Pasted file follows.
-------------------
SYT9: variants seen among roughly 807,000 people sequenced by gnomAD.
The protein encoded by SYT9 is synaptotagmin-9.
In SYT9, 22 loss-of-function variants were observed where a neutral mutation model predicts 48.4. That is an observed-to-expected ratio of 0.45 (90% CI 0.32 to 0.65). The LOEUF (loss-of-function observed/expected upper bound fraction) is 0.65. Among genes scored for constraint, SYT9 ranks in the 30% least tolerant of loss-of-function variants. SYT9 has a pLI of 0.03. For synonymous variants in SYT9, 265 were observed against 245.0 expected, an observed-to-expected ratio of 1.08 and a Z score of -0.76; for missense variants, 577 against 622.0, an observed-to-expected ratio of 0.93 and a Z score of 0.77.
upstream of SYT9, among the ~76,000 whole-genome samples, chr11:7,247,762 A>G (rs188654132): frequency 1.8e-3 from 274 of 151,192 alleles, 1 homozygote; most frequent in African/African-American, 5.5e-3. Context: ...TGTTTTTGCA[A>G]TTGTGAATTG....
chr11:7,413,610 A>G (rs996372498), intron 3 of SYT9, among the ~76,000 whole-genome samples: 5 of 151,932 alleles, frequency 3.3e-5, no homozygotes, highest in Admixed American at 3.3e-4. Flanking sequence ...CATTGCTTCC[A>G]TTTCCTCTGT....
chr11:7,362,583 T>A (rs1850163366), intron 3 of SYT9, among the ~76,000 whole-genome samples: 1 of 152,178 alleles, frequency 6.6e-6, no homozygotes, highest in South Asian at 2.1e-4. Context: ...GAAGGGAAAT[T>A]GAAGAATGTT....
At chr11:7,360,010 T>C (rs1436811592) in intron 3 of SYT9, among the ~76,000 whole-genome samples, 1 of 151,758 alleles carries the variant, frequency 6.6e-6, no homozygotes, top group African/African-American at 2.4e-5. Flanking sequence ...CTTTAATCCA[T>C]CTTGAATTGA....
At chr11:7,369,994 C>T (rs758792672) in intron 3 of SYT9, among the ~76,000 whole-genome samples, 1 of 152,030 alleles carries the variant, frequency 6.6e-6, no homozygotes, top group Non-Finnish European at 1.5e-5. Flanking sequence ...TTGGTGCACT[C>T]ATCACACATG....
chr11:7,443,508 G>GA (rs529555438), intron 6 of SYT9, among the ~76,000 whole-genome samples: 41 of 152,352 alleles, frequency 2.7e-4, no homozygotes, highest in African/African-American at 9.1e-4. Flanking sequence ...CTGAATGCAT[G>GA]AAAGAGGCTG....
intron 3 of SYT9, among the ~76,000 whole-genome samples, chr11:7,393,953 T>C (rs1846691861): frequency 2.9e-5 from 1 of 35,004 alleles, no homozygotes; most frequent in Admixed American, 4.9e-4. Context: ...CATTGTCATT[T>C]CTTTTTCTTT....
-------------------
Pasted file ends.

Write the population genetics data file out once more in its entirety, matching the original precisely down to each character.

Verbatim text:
SYT9: variants seen among roughly 807,000 people sequenced by gnomAD.
The protein encoded by SYT9 is synaptotagmin-9.
In SYT9, 22 loss-of-function variants were observed where a neutral mutation model predicts 48.4. That is an observed-to-expected ratio of 0.45 (90% CI 0.32 to 0.65). The LOEUF (loss-of-function observed/expected upper bound fraction) is 0.65. Among genes scored for constraint, SYT9 ranks in the 30% least tolerant of loss-of-function variants. SYT9 has a pLI of 0.03. For synonymous variants in SYT9, 265 were observed against 245.0 expected, an observed-to-expected ratio of 1.08 and a Z score of -0.76; for missense variants, 577 against 622.0, an observed-to-expected ratio of 0.93 and a Z score of 0.77.
upstream of SYT9, among the ~76,000 whole-genome samples, chr11:7,247,762 A>G (rs188654132): frequency 1.8e-3 from 274 of 151,192 alleles, 1 homozygote; most frequent in African/African-American, 5.5e-3. Context: ...TGTTTTTGCA[A>G]TTGTGAATTG....
chr11:7,413,610 A>G (rs996372498), intron 3 of SYT9, among the ~76,000 whole-genome samples: 5 of 151,932 alleles, frequency 3.3e-5, no homozygotes, highest in Admixed American at 3.3e-4. Flanking sequence ...CATTGCTTCC[A>G]TTTCCTCTGT....
chr11:7,362,583 T>A (rs1850163366), intron 3 of SYT9, among the ~76,000 whole-genome samples: 1 of 152,178 alleles, frequency 6.6e-6, no homozygotes, highest in South Asian at 2.1e-4. Context: ...GAAGGGAAAT[T>A]GAAGAATGTT....
At chr11:7,360,010 T>C (rs1436811592) in intron 3 of SYT9, among the ~76,000 whole-genome samples, 1 of 151,758 alleles carries the variant, frequency 6.6e-6, no homozygotes, top group African/African-American at 2.4e-5. Flanking sequence ...CTTTAATCCA[T>C]CTTGAATTGA....
At chr11:7,369,994 C>T (rs758792672) in intron 3 of SYT9, among the ~76,000 whole-genome samples, 1 of 152,030 alleles carries the variant, frequency 6.6e-6, no homozygotes, top group Non-Finnish European at 1.5e-5. Flanking sequence ...TTGGTGCACT[C>T]ATCACACATG....
chr11:7,443,508 G>GA (rs529555438), intron 6 of SYT9, among the ~76,000 whole-genome samples: 41 of 152,352 alleles, frequency 2.7e-4, no homozygotes, highest in African/African-American at 9.1e-4. Flanking sequence ...CTGAATGCAT[G>GA]AAAGAGGCTG....
intron 3 of SYT9, among the ~76,000 whole-genome samples, chr11:7,393,953 T>C (rs1846691861): frequency 2.9e-5 from 1 of 35,004 alleles, no homozygotes; most frequent in Admixed American, 4.9e-4. Context: ...CATTGTCATT[T>C]CTTTTTCTTT....